This is a critical year in signaling whether we have a global community or a tribal planet. It will tell us whether individually and collectively we look to physical, political, and social borders as defining “self-interest,” or whether we have the willingness and find ways to go beyond. We need to recognize that the better choice, nay survival, is all of us coming together and doing common cause to prevent and contain the economic, social, and political “viruses” we all face. This is where “Our Common Agenda”, a major United Nations report, comes in, showing us why this is a pivotal moment for the planet and how to move forward.
In short, “Our Common Agenda” deals with what has become simply referenced as the three “Cs,’ namely ‘Conflict, Climate Risk, and Covid-19”, linked by some, to poverty. And the upcoming debates at the United Nations General Assembly that have just started are a major opportunity to do so and do it constructively.
If there is any hope of success, it will require the whole of countries, alliances, institutions, and civil society. It is a tall order, to be sure, and some will say those who espouse such thoughts are the modern-day Pollyannas.
But this is not yesterday’s world—we have billions more people on the planet than ever in history, technologies change our daily lives with some for good and others ill, social interconnectedness means we can communicate everywhere both bad and good ideas, pandemics are far more possible, new forms of terrorism can flourish, and severe climate events happen far more frequently than in the past, and know no borders.
The 2021 United Nations General Assembly, with representatives from 193 nations attending, opened yesterday, 14 September and the General Debate will start from Tuesday 21 September until Monday 27 September. Fully 109 world leaders will address UNGA either in person or with video statements, including President Biden who will travel to New York on 21 September.
Debates will be accompanied by the UN Secretary-General’s “Our Common Agenda” Report which looks ahead to the next 25 years giving his vision of what is needed. The Secretary-General presented the report to UNGA at the end of the 75th Session, just before the start of the 76th Session.
“Our Common Agenda” is an extensive report, building on twelve commitments across the global agenda made last year at the 75th anniversary of the establishment of the United Nations and effectively expresses the aspirations of those who want interdependence to triumph. The report’s main points, nicely captured in the Secretary-General’s introduction, are further summarized and edited below:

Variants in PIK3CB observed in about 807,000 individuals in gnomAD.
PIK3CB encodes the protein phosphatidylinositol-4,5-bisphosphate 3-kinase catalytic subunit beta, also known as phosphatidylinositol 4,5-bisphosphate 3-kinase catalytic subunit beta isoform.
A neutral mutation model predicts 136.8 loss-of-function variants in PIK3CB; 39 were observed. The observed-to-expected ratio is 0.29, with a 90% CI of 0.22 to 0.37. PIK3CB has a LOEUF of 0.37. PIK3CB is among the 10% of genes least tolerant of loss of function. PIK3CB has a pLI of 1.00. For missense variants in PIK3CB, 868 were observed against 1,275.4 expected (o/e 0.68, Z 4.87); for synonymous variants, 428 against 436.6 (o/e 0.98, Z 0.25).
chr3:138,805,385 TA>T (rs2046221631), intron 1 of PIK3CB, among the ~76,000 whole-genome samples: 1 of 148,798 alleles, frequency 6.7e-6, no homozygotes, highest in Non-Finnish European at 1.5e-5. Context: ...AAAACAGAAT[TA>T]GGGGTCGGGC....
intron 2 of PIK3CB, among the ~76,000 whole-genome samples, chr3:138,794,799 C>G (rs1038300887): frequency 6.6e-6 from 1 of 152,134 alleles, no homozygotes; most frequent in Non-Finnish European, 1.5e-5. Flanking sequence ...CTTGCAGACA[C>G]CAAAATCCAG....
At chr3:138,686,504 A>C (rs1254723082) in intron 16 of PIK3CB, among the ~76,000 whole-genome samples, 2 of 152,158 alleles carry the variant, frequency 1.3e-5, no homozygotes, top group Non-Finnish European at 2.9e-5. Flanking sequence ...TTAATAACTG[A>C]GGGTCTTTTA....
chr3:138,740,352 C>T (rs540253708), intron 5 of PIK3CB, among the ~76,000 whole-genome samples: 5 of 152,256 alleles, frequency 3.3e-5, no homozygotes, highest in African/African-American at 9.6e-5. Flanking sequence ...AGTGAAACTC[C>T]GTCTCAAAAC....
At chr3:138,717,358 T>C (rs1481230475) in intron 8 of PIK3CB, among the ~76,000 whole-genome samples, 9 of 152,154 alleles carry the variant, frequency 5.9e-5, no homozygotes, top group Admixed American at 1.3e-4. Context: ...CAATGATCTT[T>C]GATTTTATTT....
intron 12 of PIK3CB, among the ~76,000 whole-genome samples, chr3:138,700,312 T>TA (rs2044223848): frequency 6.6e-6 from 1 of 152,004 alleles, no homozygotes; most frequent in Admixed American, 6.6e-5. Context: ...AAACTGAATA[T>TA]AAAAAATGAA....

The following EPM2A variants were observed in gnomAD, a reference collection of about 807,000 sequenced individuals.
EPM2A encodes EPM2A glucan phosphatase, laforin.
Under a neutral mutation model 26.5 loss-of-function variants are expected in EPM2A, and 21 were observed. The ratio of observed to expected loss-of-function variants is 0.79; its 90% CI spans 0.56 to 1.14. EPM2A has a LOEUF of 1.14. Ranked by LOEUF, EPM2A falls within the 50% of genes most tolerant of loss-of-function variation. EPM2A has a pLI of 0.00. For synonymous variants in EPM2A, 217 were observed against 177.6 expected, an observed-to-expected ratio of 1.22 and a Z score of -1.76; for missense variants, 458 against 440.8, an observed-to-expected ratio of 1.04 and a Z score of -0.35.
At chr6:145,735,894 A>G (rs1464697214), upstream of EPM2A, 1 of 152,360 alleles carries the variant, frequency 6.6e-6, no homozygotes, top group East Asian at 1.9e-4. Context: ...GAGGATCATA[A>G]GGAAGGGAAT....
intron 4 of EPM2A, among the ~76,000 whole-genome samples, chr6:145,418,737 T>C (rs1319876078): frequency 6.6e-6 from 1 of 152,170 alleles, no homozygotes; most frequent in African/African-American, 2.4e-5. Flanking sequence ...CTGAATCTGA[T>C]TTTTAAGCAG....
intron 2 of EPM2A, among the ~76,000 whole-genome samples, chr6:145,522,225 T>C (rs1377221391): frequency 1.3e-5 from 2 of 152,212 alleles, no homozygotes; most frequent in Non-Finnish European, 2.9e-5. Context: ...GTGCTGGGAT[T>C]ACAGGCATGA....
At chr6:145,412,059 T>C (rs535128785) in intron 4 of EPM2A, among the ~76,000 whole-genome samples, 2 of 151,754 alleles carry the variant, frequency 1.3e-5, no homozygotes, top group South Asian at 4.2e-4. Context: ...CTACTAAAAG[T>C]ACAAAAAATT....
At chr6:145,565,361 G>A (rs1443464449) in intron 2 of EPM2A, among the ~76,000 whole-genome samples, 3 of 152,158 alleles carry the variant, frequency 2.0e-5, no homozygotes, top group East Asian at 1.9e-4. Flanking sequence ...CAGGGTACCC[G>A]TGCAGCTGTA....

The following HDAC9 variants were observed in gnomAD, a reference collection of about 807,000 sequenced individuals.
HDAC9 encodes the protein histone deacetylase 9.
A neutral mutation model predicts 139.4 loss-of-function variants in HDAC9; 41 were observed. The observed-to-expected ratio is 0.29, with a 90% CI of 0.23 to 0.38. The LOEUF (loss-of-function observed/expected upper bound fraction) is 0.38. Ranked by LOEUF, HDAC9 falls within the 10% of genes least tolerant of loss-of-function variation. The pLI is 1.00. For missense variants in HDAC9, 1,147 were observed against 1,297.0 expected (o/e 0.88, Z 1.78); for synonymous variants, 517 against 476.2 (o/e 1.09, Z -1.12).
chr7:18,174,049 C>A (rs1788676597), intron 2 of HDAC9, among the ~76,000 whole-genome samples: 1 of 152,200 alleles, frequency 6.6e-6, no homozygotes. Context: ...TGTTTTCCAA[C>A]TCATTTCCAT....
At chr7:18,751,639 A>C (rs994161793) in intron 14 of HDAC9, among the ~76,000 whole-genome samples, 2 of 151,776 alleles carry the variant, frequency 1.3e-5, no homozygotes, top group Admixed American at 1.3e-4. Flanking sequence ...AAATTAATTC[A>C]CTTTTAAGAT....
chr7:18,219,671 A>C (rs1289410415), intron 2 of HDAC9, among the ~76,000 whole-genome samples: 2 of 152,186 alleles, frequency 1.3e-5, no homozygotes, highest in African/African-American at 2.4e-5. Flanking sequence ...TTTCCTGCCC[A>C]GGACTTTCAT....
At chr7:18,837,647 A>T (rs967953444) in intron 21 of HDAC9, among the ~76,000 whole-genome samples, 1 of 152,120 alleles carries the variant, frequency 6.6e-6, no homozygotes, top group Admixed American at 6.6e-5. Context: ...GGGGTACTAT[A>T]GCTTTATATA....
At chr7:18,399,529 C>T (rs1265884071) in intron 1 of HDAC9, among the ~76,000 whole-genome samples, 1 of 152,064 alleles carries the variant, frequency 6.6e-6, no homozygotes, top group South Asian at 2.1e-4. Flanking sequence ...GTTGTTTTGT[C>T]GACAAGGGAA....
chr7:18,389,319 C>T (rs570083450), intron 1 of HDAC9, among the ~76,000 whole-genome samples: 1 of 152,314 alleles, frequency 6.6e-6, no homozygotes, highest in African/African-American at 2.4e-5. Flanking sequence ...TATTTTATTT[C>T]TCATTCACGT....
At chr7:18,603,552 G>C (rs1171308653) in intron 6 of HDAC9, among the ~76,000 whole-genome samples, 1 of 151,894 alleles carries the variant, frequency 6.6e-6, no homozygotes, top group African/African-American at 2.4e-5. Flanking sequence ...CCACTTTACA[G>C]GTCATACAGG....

- First, now is the time to re-embrace global solidarity and find new ways to work together for the common good; this must include a global vaccination plan and bold steps to address the triple crisis of climate disruption, biodiversity loss, and pollution destroying our planet.
- Second, now is the time to renew the social contract between Governments and their people and within societies, so as to rebuild trust and embrace a comprehensive vision of human rights; this must include the active and equal participation of women and girls, without whom no meaningful social contract is possible. It should also include updated governance arrangements.
- Third, now is the time to end the “infodemic” plaguing our world by defending a common, empirically backed consensus around facts, science and knowledge; the “war on science” must end…and budget decisions should be backed by science and expertise, and a global code of conduct that promotes integrity in public information.
- Fourth, now is the time to correct a glaring blind spot in how we measure economic prosperity and progress; as currently measured, gross domestic product (GDP) fails to capture the human and environmental destruction of some business activities.